How to propagate plants in water the easy way at home

How to propagate plants in water the easy way at home

This is the easiest houseplant you’ll ever have because it’s impossible to kill, never needs feeding, and isn’t overly sensitive to light. And aside from its low maintenance content, rooted plants in water are well-suited to pretty much any setting, from minimalist aesthetics to eclectic spaces. We show you how to succeed with this trendy but timeless approach to indoor plants.

Not all plants will respond well to indoor hydroponics, but there are still plenty of great options. Herbs (mint, oregano, basil, rosemary, lavender and sage) grow quickly in water and will even begin to produce a new leaf each day. Some houseplants that work well are English ivy, philodendron, tradescantia, purple passion, coleus, and of course that old-is-new-again favorite: lucky bamboo. Finally, if you want to add more flowers to your home, root some begonias or impatiens in water. They will even bloom during the winter!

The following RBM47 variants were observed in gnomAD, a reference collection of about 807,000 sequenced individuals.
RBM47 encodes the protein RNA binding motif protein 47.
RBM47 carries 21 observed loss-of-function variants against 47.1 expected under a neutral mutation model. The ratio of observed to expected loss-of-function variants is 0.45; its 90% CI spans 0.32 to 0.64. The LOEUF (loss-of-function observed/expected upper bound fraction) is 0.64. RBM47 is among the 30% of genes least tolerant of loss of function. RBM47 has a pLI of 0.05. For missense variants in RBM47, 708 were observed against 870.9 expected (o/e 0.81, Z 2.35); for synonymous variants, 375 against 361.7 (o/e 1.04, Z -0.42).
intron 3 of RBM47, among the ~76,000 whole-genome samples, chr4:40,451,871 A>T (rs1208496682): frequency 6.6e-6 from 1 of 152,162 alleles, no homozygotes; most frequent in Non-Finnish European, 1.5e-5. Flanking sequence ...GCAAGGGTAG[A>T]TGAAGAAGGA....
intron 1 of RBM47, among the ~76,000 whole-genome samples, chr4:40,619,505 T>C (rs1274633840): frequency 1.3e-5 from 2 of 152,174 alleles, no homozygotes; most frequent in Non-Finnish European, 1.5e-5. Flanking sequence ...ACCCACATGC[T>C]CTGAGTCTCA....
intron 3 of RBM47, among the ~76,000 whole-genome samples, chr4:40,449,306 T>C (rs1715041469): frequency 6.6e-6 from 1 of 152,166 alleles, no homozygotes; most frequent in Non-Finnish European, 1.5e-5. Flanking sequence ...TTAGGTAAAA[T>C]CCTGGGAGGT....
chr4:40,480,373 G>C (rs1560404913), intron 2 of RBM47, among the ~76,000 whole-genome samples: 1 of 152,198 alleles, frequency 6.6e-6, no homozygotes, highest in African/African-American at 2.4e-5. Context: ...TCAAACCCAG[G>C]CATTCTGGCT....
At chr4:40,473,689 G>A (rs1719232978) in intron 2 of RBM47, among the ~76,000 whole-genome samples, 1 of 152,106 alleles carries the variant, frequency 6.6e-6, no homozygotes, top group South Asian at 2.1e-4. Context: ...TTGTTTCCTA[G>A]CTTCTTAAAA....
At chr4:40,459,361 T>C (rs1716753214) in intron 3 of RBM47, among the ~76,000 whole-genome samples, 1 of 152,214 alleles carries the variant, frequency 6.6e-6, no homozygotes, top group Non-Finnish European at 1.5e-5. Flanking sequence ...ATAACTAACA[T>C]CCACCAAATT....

Once you’ve found your specimen or cut a piece from a friend’s garden, prepare it to grow roots. Cut just below a leaf at a point called the leaf node where the sections of the plant branch. This is where most of the rooting hormone is found in the plant, which will ensure growth.

The only tricky part is using the right water. The roots will get all their nutrition from the water, so you can’t just use the faucet. Bottled spring water or well water works best because of the higher levels of minerals. Place your cutting in a clear glass jar or vase so the roots can get some sun.

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